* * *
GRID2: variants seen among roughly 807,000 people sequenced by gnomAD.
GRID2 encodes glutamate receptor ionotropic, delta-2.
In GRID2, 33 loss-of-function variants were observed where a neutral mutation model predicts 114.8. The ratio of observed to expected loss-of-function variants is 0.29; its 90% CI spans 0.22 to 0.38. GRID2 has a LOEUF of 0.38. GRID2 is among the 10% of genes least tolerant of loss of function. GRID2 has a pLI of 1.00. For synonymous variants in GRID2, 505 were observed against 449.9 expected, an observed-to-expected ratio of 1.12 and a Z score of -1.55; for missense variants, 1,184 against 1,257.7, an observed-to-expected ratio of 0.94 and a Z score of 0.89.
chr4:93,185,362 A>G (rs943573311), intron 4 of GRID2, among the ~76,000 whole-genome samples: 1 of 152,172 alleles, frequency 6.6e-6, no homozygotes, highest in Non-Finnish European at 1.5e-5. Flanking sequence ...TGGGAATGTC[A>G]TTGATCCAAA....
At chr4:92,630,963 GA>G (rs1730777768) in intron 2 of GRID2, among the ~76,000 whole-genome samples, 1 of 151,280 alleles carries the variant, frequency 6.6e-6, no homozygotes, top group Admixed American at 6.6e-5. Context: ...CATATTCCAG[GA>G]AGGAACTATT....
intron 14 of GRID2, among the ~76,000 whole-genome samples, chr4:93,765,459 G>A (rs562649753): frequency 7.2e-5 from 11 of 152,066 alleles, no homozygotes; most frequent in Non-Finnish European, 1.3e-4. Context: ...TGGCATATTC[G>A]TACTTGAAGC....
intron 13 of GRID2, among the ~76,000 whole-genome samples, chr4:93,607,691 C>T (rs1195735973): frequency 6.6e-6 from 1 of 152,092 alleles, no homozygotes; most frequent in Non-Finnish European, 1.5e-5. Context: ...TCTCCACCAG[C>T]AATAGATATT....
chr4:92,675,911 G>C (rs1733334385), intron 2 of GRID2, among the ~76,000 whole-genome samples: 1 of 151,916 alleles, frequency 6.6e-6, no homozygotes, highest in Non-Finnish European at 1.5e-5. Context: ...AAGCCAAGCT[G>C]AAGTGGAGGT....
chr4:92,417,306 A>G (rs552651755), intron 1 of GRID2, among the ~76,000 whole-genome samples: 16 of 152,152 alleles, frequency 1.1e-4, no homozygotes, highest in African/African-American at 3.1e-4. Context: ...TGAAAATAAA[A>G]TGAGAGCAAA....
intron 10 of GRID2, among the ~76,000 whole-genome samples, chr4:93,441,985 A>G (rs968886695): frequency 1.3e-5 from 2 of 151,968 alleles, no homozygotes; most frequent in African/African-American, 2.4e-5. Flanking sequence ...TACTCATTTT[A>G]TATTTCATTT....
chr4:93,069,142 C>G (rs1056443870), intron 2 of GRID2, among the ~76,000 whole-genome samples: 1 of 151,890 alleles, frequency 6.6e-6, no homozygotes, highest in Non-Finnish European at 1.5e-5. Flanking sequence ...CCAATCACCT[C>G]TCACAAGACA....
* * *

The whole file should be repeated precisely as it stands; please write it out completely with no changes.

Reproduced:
GRID2: variants seen among roughly 807,000 people sequenced by gnomAD.
GRID2 encodes glutamate receptor ionotropic, delta-2.
In GRID2, 33 loss-of-function variants were observed where a neutral mutation model predicts 114.8. The ratio of observed to expected loss-of-function variants is 0.29; its 90% CI spans 0.22 to 0.38. GRID2 has a LOEUF of 0.38. GRID2 is among the 10% of genes least tolerant of loss of function. GRID2 has a pLI of 1.00. For synonymous variants in GRID2, 505 were observed against 449.9 expected, an observed-to-expected ratio of 1.12 and a Z score of -1.55; for missense variants, 1,184 against 1,257.7, an observed-to-expected ratio of 0.94 and a Z score of 0.89.
chr4:93,185,362 A>G (rs943573311), intron 4 of GRID2, among the ~76,000 whole-genome samples: 1 of 152,172 alleles, frequency 6.6e-6, no homozygotes, highest in Non-Finnish European at 1.5e-5. Flanking sequence ...TGGGAATGTC[A>G]TTGATCCAAA....
At chr4:92,630,963 GA>G (rs1730777768) in intron 2 of GRID2, among the ~76,000 whole-genome samples, 1 of 151,280 alleles carries the variant, frequency 6.6e-6, no homozygotes, top group Admixed American at 6.6e-5. Context: ...CATATTCCAG[GA>G]AGGAACTATT....
intron 14 of GRID2, among the ~76,000 whole-genome samples, chr4:93,765,459 G>A (rs562649753): frequency 7.2e-5 from 11 of 152,066 alleles, no homozygotes; most frequent in Non-Finnish European, 1.3e-4. Context: ...TGGCATATTC[G>A]TACTTGAAGC....
intron 13 of GRID2, among the ~76,000 whole-genome samples, chr4:93,607,691 C>T (rs1195735973): frequency 6.6e-6 from 1 of 152,092 alleles, no homozygotes; most frequent in Non-Finnish European, 1.5e-5. Context: ...TCTCCACCAG[C>T]AATAGATATT....
chr4:92,675,911 G>C (rs1733334385), intron 2 of GRID2, among the ~76,000 whole-genome samples: 1 of 151,916 alleles, frequency 6.6e-6, no homozygotes, highest in Non-Finnish European at 1.5e-5. Context: ...AAGCCAAGCT[G>C]AAGTGGAGGT....
chr4:92,417,306 A>G (rs552651755), intron 1 of GRID2, among the ~76,000 whole-genome samples: 16 of 152,152 alleles, frequency 1.1e-4, no homozygotes, highest in African/African-American at 3.1e-4. Context: ...TGAAAATAAA[A>G]TGAGAGCAAA....
intron 10 of GRID2, among the ~76,000 whole-genome samples, chr4:93,441,985 A>G (rs968886695): frequency 1.3e-5 from 2 of 151,968 alleles, no homozygotes; most frequent in African/African-American, 2.4e-5. Flanking sequence ...TACTCATTTT[A>G]TATTTCATTT....
chr4:93,069,142 C>G (rs1056443870), intron 2 of GRID2, among the ~76,000 whole-genome samples: 1 of 151,890 alleles, frequency 6.6e-6, no homozygotes, highest in Non-Finnish European at 1.5e-5. Flanking sequence ...CCAATCACCT[C>G]TCACAAGACA....